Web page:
Elizabeth Alexander
Queen's Garden III, 2015
hand cut found porcelain
6.5 x 6 x 4"

Larissa Bates
The Impossibility of Seeing: Animals of the Universal History of the Things of New Spain, or the Florentine Codex, 2015
gold leaf and gouache on panel
14 x 11"

Jeanne Heifetz
Pre-Occupied 15, 2016
Violet hematite on Indian sunn help paper
17 x 13"

Sheila Gallagher
Poppy Gleaming, detail, 2016
ink on paper
20 x 11"

Anina Major
Cultural Topography, 2015
video still

current project

Elizabeth Alexander
Larissa Bates
Sheila Gallagher
Jeanne Heifetz
Anina Major

Opening Reception:

Saturday, September 17, 2016 4-6pm




Drive-By Projects, 81 Spring Street, Watertown, MA


Thursdays 12-4pm and by appointment.

drive-by online to view the work in the exhibition >

Drive-By Projects is pleased to open its Fall 2016 season with For The Saturday Evening Girls,* an exhibition of work by five women artists who address the timely topic of immigration as seen through their personal immigrant histories.

"I am a domestic archeologist in pursuit of good taste". Seeking out antiquated symbols of femininity, domesticity and class, Elizabeth Alexander deconstructs and reconstructs selected objects to tell of misplaced values and the tragi-comic quest for status in a self-conscious society. A descendent of English grandparents on both sides of her family, she addresses her British heritage when she hand-cuts the painted decorations out of porcelain and bone china teacups to create hollowed vessels with titles such as Queen's Garden II and III.

Larrisa Bates's small, intricately detailed paintings honor the memory of the mother, from whom she was separated at a young age. Yet, her mother's family was deeply involved with United Fruit Company in Costa Rica, a neo-imperialist exploiter of the native population. Bates's conflicted feelings about her heritage are reflected in her interest in the Saturday Evening Girls. The underlying implication that the new system of values being offered to these young immigrants was superior to those of their native culture touches on the same issues of identity and acculturation that Bates explores in all her work.

Sheila Gallagher's ancestors include a colorful cast of characters on both sides of her Irish family, though the Gallagher, Sheehan, McMahon, Macguire story is not an entirely happy one. Among the tales of daring deeds are tragic accounts of family members suffering from what Gallagher terms "transgenerational trauma."
"Some believe that people of the Irish diaspora on some deep level harbor the losses of a colonized people who were forbidden to speak their language, practice their religion, and own property. Or is it an unspoken shame in the DNA of the survivors who fled the Great Hunger and lived while the others died at home."

For the Saturday Evening Girls will include a scheduled animated talk with passages from Twinsome Minds, Gallagher's collaborative work with philosopher Richard Kearney. The event will integrate Lily Poppy Flow, a video commissioned by the Abbey Theater, Dublin in commemoration of the centenary of World War I and the 1916 Easter Uprising, with an installation of the ink drawings from the animation.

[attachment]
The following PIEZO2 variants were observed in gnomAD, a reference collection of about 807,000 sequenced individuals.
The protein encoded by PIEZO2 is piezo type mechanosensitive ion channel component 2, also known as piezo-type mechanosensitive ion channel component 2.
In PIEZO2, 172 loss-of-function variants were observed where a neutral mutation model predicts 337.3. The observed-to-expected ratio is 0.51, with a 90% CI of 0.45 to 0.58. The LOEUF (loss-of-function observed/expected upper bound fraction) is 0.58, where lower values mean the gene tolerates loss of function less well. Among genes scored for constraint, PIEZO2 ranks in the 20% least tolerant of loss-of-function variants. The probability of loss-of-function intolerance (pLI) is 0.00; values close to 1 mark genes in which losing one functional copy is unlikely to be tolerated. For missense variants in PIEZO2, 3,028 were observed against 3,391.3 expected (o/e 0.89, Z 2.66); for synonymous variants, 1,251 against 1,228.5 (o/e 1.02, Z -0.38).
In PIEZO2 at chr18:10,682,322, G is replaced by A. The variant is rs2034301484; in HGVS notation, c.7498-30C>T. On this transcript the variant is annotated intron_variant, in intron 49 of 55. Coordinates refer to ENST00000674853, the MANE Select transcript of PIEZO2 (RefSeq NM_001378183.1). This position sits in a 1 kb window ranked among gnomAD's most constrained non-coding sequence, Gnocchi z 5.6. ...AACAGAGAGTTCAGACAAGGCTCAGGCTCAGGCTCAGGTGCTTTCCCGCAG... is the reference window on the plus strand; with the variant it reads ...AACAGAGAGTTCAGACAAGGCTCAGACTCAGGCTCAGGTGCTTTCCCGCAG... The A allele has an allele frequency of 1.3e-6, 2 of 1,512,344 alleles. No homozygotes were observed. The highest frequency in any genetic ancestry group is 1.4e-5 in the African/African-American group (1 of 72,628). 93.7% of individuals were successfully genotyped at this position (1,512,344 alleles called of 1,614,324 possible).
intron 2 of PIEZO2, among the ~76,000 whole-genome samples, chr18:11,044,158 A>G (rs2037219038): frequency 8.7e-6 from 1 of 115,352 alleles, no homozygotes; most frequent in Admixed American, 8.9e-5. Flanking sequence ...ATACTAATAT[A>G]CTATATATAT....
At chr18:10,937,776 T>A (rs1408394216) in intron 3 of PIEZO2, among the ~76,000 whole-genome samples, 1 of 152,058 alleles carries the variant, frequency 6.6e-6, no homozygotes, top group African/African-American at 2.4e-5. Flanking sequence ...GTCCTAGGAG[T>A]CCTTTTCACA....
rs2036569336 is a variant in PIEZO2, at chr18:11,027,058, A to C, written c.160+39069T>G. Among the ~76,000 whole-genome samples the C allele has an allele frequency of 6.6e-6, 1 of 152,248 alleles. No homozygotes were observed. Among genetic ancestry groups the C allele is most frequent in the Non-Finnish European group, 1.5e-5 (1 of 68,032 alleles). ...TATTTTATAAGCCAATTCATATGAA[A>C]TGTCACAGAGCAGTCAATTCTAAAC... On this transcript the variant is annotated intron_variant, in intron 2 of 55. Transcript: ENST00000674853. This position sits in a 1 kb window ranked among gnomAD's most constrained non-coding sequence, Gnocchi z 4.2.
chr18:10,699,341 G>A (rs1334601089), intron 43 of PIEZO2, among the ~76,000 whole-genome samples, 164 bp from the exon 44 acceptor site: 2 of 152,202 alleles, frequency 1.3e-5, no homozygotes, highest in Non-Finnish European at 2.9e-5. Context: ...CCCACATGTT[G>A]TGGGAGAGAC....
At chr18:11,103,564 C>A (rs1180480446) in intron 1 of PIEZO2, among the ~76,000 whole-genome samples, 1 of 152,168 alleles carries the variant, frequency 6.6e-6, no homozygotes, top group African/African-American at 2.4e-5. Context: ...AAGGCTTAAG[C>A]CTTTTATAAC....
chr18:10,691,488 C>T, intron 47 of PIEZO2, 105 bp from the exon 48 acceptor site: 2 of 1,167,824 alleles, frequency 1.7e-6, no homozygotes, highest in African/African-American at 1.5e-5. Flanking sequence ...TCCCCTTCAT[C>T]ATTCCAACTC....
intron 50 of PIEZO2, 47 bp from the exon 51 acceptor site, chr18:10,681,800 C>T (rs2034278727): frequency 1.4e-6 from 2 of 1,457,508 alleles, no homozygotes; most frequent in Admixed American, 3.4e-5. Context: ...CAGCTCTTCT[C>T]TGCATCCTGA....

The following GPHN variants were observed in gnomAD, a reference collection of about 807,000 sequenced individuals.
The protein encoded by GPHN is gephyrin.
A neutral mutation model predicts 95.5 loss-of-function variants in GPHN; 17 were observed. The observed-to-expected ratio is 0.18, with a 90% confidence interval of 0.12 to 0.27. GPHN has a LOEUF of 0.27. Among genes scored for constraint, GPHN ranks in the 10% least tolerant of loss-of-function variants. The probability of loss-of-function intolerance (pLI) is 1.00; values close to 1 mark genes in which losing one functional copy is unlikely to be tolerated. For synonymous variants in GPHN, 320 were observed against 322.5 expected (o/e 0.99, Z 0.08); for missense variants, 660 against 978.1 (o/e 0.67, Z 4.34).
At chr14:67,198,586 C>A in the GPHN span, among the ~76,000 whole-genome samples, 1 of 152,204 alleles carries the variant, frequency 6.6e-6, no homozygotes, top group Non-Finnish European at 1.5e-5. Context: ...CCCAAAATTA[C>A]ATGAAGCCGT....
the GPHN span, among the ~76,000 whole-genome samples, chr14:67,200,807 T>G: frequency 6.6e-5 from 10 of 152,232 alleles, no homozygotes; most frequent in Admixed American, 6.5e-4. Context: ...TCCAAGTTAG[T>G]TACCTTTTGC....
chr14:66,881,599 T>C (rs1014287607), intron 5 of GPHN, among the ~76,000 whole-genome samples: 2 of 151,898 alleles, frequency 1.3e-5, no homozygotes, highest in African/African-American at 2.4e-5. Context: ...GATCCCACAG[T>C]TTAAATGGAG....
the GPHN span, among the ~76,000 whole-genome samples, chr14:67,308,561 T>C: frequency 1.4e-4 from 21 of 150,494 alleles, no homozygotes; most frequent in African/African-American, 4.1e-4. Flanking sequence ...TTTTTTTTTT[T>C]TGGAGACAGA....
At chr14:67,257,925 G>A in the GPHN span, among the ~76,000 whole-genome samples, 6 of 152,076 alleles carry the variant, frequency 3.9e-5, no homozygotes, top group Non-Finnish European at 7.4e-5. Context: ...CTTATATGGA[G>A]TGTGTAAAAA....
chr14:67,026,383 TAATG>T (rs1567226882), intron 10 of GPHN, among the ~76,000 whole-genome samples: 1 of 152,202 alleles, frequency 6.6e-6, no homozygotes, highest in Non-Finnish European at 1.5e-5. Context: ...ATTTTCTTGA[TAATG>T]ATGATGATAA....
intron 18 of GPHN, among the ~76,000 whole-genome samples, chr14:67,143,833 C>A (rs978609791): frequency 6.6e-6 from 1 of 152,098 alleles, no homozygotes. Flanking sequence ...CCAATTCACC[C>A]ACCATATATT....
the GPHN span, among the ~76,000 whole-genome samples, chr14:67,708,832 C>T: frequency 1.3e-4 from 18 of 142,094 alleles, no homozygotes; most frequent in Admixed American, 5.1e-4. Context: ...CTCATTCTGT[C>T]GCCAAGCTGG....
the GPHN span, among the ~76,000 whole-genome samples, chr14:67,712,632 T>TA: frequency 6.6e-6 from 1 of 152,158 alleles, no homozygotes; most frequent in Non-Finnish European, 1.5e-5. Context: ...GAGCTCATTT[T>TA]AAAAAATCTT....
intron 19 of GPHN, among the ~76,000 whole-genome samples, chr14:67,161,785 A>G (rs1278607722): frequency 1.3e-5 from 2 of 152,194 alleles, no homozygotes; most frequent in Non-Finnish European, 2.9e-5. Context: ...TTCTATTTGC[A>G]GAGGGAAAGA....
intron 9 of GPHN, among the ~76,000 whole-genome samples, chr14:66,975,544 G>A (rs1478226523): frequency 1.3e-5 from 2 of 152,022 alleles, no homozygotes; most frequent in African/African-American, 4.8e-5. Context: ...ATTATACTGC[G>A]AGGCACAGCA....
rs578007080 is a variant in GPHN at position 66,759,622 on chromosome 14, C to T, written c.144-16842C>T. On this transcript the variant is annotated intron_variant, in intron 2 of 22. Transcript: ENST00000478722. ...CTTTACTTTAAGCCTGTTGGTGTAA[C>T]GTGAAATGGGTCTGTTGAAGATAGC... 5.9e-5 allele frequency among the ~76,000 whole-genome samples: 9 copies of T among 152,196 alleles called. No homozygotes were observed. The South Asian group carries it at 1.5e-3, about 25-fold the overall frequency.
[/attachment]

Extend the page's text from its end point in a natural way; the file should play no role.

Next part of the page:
Jeanne Heifetz confesses to a sometimes paralyzing fear of death that began in her youth. This lifelong relationship with death, combined with an interest in her Jewish heritage, has influenced Heifetz's recent work. Just as immigrants from the same village or shtetl in Eastern Europe would settle on the same block in NYC, Jewish cemetery plots were often bought by burial societies whose members had come from the same shtetl. Each image in this series of drawings is based on the map of a Jewish cemetery, starting with the parcel of eight cemetery plots that Heifetz inherited from her grandfather.

Anina Major's video Cultural Topography explores the complexities of identity associated with the immigrant experience. Set on a shoreline, it depicts a conjoined group of shallow ceramic bowls washing in and out with the surf. Major sees each colorful, handmade dish as a representative of a different island and its people from her Bahamian homeland. It is easy to relate to the cycle of remembering and forgetting, coming and going, suggested by the continuous and timeless process of Major's artifact being carried in and out on the lapping waves.

*For more information on the Saturday Evening Girls, see Art and Reform, Sara Galner, the Saturday Evening Girls, and their Paul Revere Pottery by Nonie Gadsden, Carolyn and Peter Lynch Assistant Curator of Decorative Arts and Sculpture, Art of the Americas at the Museum of Fine Arts, Boston. Also by Nonie Gadsden, The Story of the Saturday Evening Girls and their Paul Revere Pottery, Antiques and Fine Arts.

drive-by online to view the work in the exhibition >

Fritz Horstman

Fritz Horstman

We are pleased to announce that Fritz Horstman, who will be included in our upcoming drawing exhibition, has been selected to participate in the deCordova New England Biennial.
On View Sep 02, 2016 - Jun 01, 2017.

more info >

Sophia Narrett - Early in the Game

Sophia Narrett

Early in the Game
September 17th, 2016 – October 23rd, 2016
Freight+Volume, New York City, NY

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